Saturday, May 26, 2012


(First published in the Nelson Mail and Manawatu Standard, May 23.)

Whatever you think of James Bond, his name is undeniably associated with a certain sense of style.

Bond drove a vintage Bentley and smoked hand-made cigarettes (60 a day) made by tobacconists Morlands of Grosvenor St, using a blend of Balkan and Turkish tobacco.

He wore Sea Island cotton shirts bought from Turnbull and Asser of Jermyn St (who, unlike Morlands, are still very much in business, promoting themselves as shirtmakers by appointment to HRH the Prince of Wales). More formal occasions called for a dark blue suit of serge, tropical worsted or alpaca, depending on the climate, with a heavy white silk shirt and thin black knitted silk tie, dark blue socks and black moccasin shoes.

A famously fussy drinker, Bond stipulated that his martinis should consist of three measures of Gordon’s gin, one of vodka and a half-measure of Kina Lillet (a French aperitif wine), well shaken and served ice-cold in a deep champagne goblet with a slice of lemon. He was also fond of Taittinger and Krug champagnes and had a taste for fine red wines from Bordeaux.

These details were more than merely incidental to Ian Fleming’s stories. Bond’s tastes may seem quaintly dated now, just as his attitude to women seems patronisingly sexist by contemporary standards, but they were integral to the appeal of Fleming’s books. They were all part of the fantasy the author wove around his famous character.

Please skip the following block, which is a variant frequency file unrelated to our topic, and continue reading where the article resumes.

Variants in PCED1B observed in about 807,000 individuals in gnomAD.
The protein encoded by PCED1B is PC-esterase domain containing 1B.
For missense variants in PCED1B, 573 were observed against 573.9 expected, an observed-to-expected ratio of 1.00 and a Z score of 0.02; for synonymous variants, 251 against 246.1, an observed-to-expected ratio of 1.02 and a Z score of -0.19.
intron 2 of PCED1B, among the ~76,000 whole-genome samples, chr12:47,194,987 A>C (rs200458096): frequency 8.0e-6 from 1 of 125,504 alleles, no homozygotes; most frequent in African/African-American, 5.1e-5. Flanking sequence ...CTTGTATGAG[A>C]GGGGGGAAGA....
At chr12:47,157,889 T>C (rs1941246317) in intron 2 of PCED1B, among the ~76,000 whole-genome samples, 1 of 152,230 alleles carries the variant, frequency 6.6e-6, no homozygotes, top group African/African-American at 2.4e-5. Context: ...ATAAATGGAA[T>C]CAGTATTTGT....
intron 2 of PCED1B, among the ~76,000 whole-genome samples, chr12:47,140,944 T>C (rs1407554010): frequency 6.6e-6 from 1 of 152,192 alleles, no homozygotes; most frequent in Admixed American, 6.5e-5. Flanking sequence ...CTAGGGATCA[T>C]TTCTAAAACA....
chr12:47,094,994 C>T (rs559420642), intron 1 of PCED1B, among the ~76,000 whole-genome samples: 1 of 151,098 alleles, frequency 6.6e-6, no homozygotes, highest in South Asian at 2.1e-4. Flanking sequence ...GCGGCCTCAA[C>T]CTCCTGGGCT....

They were Fleming’s idea of how a hedonistic, sophisticated man of the world with expensive habits might live. Bear in mind that British readers, Fleming’s primary target market, were still living with wartime rationing when the first Bond book (Casino Royale) was published in 1953, and the British spy’s racy, exotic lifestyle must have seemed a perfect avenue for escapism from the dreary real world.

Even now, well into the 21st century, the Bond formula remains commercially potent: a 25th Bond film, Skyfall, is currently in production, which brings me to the point of this column.

Skyfall will mark a departure from previous Bond films. For the first time, Bond (played by Daniel Craig) will be seen drinking beer. And not just any beer, but Heineken, because the Dutch brewery has struck a deal with the film’s producers – one that takes “product placement”, whereby companies pay to have their products displayed prominently on the screen, to a new level.

The Heineken deal, rumoured to be worth $US45 million, illustrates the all-pervasive influence of marketers in modern capitalism. To these cold-eyed hucksters, everything – whether it be a film, a major sports event or even a TV news bulletin – is reduced to a marketing opportunity. Nothing, not even the 60-year legacy behind James Bond, is sacred in the scramble to promote the all-important brand.

I was particularly interested in the comment of Heineken spokeswoman Lesya Lysyj, who was reported as saying: “James Bond is a perfect fit for us. He is the epitome of the man of the world.”